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United States of America v. James Flanders

August 16, 2012

UNITED STATES OF AMERICA
v.
JAMES FLANDERS



The opinion of the court was delivered by: Joseph A. DiClerico, Jr. United States District Judge

ORDER

The defendant, James Flanders, moves for a sentence reduction, to a sentence of 131 months, based upon the amendments to the Federal Sentencing Guidelines regarding cocaine base ("crack cocaine") offenses (document no. 69). For the reasons stated below, the motion to reduce the sentence to 131 months is denied. The defendant is entitled to have his sentence reduced to 151 months.

On April 28, 2011, pursuant to the Fair Sentencing Act of 2010, the United States Sentencing Commission (the "Commission") submitted to Congress an amendment to the Federal Sentencing Guidelines that lowered the guideline sentencing range for certain categories of offenses involving crack cocaine. Specifically, the amendment increased the threshold quantity of crack cocaine for certain base offense levels listed in the Drug Quantity Table in § 2D1.1, and provided a mechanism for determining the guideline range for offenses involving crack cocaine and other controlled substances. This amendment took effect on November 1, 2011.

Pursuant to 28 U.S.C. § 994(u), the Commission also determined that this guideline amendment would be applied retroactively to offenders who were sentenced under prior versions of the Guidelines Manual and who are incarcerated. Therefore, as of November 1, 2011, reductions in sentence pursuant to 18 U.S.C. § 3582(c)(2) based on the retroactive application of the crack cocaine amendment were authorized.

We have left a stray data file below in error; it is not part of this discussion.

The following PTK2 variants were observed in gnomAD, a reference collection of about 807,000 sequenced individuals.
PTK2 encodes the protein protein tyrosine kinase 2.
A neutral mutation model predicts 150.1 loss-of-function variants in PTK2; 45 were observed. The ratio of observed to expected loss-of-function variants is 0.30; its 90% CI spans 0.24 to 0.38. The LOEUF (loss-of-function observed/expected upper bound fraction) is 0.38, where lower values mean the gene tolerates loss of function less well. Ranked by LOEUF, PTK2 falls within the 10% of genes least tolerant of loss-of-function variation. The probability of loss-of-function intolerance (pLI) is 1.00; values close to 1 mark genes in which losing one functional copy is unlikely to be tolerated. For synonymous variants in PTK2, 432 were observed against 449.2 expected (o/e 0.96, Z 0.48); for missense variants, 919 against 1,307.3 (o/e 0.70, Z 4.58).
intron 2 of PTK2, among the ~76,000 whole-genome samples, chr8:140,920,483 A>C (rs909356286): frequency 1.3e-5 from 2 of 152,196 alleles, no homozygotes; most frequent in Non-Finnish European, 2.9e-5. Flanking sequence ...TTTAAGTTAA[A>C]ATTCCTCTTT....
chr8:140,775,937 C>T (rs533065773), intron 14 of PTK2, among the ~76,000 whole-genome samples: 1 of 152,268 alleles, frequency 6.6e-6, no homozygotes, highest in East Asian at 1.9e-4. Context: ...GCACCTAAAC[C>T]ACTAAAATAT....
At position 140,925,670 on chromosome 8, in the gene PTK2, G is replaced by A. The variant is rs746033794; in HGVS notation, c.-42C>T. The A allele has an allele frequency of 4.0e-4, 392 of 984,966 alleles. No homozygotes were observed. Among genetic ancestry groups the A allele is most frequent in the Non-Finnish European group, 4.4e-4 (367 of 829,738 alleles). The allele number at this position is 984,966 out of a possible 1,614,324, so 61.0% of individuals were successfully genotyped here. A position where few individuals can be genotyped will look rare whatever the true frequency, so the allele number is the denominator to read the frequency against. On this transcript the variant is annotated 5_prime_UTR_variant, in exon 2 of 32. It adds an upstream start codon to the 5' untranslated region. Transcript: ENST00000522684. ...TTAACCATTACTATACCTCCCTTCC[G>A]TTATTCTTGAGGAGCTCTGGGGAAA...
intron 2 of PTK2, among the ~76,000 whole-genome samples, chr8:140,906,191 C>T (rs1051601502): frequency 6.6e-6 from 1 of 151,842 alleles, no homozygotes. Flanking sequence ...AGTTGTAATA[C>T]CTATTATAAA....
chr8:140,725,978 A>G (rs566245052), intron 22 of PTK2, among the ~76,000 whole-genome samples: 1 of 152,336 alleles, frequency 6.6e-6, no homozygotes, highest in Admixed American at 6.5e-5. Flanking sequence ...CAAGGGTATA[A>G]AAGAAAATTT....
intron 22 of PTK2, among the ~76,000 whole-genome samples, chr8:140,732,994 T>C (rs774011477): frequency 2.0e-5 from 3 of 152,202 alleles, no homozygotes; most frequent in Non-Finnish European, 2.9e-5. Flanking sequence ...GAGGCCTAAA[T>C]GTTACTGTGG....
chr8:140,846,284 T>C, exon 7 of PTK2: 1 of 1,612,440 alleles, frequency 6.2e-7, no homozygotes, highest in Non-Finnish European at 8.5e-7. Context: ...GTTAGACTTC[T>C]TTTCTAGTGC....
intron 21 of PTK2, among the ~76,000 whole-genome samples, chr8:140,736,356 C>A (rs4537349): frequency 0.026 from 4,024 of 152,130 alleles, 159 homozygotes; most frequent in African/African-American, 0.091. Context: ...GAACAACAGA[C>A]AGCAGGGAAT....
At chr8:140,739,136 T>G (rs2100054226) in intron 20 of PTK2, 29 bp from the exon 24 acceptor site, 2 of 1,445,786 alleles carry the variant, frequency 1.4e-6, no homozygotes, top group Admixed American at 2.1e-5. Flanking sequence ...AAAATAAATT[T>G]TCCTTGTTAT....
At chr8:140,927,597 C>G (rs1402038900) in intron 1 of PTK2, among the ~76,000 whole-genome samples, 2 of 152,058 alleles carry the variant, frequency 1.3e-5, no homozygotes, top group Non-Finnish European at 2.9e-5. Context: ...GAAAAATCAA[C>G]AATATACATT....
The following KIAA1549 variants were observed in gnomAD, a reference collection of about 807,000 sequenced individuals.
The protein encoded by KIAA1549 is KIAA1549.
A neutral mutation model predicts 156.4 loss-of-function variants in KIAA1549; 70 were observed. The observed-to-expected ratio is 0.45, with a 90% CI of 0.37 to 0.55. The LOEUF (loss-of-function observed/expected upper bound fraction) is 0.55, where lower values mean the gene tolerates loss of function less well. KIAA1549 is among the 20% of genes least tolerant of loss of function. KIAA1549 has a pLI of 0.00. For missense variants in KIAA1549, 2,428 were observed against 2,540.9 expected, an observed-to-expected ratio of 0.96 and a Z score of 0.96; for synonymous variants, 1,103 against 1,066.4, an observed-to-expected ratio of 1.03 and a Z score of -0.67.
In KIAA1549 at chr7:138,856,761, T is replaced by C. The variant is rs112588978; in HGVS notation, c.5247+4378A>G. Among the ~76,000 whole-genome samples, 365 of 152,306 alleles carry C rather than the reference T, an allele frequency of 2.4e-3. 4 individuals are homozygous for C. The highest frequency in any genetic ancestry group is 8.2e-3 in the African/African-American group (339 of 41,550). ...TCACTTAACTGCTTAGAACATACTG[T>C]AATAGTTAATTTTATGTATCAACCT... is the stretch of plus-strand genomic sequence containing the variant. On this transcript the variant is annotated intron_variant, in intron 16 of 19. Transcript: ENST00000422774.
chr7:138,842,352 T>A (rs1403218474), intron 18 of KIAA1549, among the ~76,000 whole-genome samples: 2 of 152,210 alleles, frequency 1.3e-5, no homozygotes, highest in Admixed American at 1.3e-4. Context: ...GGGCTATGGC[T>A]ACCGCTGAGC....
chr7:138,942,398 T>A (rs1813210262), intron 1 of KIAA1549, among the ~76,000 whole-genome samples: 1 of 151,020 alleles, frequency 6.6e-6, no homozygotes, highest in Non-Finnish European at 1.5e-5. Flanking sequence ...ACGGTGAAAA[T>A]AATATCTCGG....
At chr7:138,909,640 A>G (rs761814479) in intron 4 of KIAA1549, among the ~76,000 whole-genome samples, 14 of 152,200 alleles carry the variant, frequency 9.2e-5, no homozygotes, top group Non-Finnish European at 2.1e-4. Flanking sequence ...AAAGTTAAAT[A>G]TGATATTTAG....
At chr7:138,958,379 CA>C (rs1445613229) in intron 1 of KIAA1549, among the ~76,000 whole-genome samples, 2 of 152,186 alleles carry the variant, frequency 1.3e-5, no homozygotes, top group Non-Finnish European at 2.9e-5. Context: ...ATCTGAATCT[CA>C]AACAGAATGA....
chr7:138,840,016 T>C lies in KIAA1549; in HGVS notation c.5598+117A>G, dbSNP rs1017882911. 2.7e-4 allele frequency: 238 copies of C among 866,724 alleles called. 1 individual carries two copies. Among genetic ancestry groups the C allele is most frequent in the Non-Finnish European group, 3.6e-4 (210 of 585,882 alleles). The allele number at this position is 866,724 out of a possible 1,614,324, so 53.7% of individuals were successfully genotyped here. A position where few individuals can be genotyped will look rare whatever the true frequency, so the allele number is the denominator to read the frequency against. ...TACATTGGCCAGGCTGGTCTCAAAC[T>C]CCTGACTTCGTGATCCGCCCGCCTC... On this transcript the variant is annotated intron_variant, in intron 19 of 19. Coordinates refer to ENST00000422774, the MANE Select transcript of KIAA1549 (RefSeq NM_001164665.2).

On September 14, 2009, Flanders pled guilty to a two-count indictment charging possession of crack cocaine with intent to distribute and conspiracy to distribute crack cocaine, in violation of 21 U.S.C. §§ 841(a) and 846. At sentencing, Flanders was deemed to have a total offense level of 31 and a criminal history category of VI, resulting in an advisory guideline range of 188 to 235 months. The court, however, accepted a binding plea agreement between the parties and sentenced the defendant to 160 months of imprisonment.

On the record, Flanders is entitled to a sentence reduction based on a retroactive application of the guideline amendment. The retroactive guideline amendment lowered Flanders's applicable guideline range to 151 to 188 months. Because the amended guideline range is lower than the sentence Flanders received, he is eligible for a sentence reduction to 151 months. The government supports a reduction in Flanders's sentence to 151 months.

Flanders, however, argues that he is entitled to a sentence reduction to 131 months. In support, he argues that the plea agreement the parties entered into encompassed a 20 month credit for presentence incarceration. He contends, therefore, that he is entitled to the lowest sentence in the amended guideline range, 151 months, with an additional 20 month reduction for presentence incarceration as reflected in the original plea agreement.

U.S.S.G. § 1B1.10(b)(2)(A) provides: "[e]xcept as provided in subdivision (B), the court shall not reduce the defendant's term of imprisonment under 18 U.S.C. 3582(c)(2) and this policy statement to a term less than the minimum of the amended guideline range determined under subdivision (1) of this subsection." Subdivision B provides that an additional reduction in sentence may be granted only if the defendant's original sentence was lower than the guideline range because of "a government motion to reflect the defendant's substantial assistance to authorities."

Under the language of the Sentencing Guidelines, the court does not have the authority to reduce Flanders's sentence below the amended guideline range unless Flanders received the benefit of a government motion to reflect his substantial assistance. Flanders and the government agree that there was no substantial assistance motion in this case. Therefore, Flanders's sentence cannot be reduced to less than 151 months. See Dillon v. United States, 130 S. Ct. 2683, 2688 (2010).

For the foregoing reasons, the defendant's motion to reduce sentence to 131 months (document no. 69) is denied. The court orders the defendant's sentence to be reduced to 151 months.

SO ORDERED.

August 16, 2012

cc:

20120816 ...


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